LONDON (Reuters) - The year 2011 was Britain's second-warmest ever, the Met Office said on Friday, although temperatures in December have in fact been close to average.
The mean temperature so far this month has been 4.7 degrees Celsius (40.5 degrees Fahrenheit), 0.5 above the 1971-2000 average, a far cry from 2010, when temperatures were 5 degrees below average to notch up the coldest December on record.
"While it may have felt mild for many so far this December, temperatures overall have been close to what we would expect," said John Prior, national climate manager at the Met Office.
"It may be that the stark change from last year, which was the coldest December on record for the UK, has led many to think it has been unseasonably warm."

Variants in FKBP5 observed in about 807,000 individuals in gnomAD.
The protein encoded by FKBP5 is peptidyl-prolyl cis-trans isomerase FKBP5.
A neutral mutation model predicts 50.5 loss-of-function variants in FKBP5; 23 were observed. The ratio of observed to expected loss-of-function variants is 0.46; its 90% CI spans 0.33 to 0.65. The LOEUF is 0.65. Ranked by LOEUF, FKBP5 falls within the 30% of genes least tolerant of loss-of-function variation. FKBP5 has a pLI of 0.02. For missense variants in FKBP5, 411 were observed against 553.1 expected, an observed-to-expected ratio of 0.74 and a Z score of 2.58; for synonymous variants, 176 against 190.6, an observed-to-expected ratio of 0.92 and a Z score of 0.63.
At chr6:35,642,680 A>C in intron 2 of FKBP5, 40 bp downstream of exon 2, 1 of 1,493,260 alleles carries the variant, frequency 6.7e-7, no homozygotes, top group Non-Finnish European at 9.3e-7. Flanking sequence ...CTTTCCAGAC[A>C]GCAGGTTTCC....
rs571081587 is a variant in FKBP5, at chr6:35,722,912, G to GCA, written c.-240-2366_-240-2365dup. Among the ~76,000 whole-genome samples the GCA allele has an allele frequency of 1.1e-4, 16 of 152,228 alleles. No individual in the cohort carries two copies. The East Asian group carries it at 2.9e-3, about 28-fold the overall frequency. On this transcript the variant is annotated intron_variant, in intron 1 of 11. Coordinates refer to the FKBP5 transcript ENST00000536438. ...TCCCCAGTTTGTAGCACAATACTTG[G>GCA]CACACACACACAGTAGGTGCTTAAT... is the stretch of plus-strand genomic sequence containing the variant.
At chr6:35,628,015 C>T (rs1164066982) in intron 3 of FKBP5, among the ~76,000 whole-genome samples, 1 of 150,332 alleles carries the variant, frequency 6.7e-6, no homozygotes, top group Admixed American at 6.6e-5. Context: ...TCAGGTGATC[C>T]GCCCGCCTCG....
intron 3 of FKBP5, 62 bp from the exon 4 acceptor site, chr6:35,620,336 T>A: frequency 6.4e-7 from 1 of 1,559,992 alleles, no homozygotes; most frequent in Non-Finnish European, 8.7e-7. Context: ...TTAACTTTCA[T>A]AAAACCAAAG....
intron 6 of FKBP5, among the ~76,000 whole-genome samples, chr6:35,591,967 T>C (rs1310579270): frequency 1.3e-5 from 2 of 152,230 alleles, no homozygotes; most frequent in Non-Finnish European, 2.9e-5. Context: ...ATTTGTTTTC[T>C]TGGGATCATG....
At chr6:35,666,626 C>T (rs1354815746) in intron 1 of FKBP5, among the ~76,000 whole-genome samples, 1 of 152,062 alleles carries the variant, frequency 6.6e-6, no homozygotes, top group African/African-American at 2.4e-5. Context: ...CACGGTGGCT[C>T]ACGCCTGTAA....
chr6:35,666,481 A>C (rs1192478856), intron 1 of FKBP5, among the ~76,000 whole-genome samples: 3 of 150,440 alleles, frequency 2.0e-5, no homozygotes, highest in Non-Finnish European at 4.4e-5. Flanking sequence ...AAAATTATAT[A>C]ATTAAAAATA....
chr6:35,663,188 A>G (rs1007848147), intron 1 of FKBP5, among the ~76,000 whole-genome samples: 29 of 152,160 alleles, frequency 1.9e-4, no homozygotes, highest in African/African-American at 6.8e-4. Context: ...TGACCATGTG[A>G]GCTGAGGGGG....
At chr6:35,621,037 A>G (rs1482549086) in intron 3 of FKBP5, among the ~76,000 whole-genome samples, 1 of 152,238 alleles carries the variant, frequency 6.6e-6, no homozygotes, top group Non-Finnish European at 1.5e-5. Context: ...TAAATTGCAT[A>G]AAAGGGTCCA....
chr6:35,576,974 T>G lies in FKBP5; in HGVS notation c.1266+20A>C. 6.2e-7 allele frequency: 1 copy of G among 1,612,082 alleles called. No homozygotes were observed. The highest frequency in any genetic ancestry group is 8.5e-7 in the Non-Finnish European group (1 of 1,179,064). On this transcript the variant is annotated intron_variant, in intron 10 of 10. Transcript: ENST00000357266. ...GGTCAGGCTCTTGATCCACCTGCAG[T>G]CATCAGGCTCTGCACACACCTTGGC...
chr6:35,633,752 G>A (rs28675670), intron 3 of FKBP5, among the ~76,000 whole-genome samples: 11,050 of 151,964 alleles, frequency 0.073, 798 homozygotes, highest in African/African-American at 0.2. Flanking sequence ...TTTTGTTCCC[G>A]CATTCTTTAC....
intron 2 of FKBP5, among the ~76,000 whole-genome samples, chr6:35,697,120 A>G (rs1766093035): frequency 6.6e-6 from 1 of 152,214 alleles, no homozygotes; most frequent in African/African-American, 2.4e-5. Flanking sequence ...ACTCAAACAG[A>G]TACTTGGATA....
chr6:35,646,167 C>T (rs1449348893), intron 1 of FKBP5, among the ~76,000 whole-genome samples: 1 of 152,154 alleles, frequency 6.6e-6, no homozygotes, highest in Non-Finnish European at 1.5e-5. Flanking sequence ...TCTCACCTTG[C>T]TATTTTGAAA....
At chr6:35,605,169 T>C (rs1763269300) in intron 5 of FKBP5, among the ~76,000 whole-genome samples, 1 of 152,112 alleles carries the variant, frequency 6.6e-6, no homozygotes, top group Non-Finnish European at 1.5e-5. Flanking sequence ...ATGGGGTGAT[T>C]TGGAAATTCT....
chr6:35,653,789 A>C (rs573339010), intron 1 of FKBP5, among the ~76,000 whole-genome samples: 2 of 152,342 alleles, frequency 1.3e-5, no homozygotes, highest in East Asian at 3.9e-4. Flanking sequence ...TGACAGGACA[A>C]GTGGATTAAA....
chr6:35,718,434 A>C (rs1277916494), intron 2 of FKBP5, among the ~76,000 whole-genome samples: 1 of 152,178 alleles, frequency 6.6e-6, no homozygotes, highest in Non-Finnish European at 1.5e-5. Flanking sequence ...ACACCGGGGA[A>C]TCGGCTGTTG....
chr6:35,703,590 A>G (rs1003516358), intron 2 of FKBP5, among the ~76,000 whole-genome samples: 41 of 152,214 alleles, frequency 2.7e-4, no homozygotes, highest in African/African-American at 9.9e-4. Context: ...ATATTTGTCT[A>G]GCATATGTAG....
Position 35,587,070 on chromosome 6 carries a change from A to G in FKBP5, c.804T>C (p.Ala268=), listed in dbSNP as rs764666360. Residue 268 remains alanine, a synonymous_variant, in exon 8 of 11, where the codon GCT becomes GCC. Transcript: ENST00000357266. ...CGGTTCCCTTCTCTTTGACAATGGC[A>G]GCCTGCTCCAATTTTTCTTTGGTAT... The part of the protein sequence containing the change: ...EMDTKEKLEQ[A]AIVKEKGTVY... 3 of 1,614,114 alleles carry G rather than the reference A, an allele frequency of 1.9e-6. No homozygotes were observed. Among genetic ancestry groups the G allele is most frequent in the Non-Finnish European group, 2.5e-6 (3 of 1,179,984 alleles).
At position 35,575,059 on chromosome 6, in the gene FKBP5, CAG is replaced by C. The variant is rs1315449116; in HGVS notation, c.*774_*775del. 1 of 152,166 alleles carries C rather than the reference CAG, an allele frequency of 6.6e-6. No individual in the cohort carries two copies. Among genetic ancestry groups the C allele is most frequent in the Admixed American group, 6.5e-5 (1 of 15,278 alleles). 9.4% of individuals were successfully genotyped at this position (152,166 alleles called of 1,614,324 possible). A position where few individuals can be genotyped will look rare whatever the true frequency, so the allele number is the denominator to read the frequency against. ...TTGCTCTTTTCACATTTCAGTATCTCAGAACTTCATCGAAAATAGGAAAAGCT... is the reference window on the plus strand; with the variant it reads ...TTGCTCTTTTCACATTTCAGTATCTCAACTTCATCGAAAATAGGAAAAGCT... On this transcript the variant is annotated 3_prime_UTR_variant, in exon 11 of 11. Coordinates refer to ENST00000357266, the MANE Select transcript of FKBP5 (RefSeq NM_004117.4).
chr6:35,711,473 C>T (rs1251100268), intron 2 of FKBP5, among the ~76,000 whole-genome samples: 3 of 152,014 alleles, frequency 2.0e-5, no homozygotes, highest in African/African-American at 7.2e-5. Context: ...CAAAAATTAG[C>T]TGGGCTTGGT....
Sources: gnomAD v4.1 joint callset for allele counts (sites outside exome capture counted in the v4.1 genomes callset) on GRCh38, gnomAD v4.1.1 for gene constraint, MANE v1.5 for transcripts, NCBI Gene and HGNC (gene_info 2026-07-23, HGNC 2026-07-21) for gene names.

This year marked a return to a trend of warmer than average annual temperatures, the Met Office said, noting that all the UK's top seven warmest years have happened in the last decade. The warmest was 2006.
It was the warmest April and Spring on record in 2011, and the second warmest Autumn on record.
The highest single-day temperature for October was also broken -- with Gravesend in Kent notching up 29.9 degrees on Oct 1, beating the previous record of 29.4 at March in Cambridgeshire on October 1 1985.
The top temperature of the year was 33.1 on 27 June at Gravesend, which was the warmest temperature recorded in the UK for five years. Britain's hottest-ever mark came in the Summer of 2003 when the record of 38.1 degrees was reached, again in Gravesend.
There were some marked variations in rainfall in 2011.
Scotland had its wettest year on record, beating the previous record set in 1990 but some parts of England have had very low levels of rainfall. East Anglia had its second driest year on record and the Midlands its third driest.
(Reporting by Stephen Addison; editing by Peter Griffiths)